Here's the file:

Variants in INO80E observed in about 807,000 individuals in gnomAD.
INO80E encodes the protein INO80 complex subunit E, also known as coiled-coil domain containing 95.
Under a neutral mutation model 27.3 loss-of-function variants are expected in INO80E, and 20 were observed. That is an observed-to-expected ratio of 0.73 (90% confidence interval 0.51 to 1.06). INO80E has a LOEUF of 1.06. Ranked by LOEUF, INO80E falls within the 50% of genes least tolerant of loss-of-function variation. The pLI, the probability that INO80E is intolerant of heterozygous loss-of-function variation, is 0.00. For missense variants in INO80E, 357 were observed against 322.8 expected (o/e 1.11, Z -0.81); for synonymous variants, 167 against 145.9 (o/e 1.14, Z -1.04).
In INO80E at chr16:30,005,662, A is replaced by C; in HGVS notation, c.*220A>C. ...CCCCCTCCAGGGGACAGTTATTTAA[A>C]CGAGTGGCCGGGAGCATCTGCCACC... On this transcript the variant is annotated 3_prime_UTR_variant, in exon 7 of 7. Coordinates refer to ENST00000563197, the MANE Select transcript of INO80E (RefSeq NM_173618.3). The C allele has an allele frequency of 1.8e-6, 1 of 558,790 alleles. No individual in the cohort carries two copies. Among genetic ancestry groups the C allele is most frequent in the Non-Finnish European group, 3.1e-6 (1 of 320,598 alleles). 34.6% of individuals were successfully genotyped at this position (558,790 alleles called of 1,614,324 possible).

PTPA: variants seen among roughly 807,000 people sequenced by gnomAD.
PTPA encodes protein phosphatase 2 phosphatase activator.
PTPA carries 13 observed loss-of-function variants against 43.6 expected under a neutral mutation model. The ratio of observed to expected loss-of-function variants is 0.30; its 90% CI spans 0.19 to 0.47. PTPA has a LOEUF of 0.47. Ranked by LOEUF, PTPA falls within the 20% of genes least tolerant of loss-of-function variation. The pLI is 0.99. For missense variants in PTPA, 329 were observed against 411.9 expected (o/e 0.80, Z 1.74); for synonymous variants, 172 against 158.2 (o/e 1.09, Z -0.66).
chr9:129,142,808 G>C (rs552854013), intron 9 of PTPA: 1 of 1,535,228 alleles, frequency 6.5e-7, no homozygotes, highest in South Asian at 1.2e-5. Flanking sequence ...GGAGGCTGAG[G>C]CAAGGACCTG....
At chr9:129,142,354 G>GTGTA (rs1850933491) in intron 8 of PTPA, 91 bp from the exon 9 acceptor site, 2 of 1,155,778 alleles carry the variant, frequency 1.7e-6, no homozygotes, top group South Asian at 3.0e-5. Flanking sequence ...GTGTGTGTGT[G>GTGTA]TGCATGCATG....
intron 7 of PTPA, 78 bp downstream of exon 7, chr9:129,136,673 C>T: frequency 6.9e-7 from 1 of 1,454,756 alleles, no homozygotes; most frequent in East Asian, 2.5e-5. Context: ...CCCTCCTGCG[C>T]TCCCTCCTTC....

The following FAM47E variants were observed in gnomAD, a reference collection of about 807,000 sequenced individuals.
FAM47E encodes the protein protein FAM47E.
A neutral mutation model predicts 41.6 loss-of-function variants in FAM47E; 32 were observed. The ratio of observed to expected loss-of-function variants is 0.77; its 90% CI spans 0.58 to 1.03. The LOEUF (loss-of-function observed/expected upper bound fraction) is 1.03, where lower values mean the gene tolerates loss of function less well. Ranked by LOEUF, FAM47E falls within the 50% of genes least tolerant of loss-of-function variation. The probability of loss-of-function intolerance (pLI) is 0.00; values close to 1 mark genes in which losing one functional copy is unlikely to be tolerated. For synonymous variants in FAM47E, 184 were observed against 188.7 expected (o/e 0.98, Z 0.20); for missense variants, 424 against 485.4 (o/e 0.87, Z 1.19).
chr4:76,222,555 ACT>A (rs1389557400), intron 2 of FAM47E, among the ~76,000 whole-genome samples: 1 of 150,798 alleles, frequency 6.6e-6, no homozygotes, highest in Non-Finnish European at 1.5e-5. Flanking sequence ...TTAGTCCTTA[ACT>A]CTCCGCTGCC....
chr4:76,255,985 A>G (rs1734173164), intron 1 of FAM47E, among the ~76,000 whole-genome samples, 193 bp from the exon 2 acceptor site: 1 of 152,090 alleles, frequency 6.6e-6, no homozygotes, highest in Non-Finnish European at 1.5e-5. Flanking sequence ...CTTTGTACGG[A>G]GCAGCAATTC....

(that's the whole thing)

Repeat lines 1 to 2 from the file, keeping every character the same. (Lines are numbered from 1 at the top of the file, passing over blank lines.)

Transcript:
Variants in INO80E observed in about 807,000 individuals in gnomAD.
INO80E encodes the protein INO80 complex subunit E, also known as coiled-coil domain containing 95.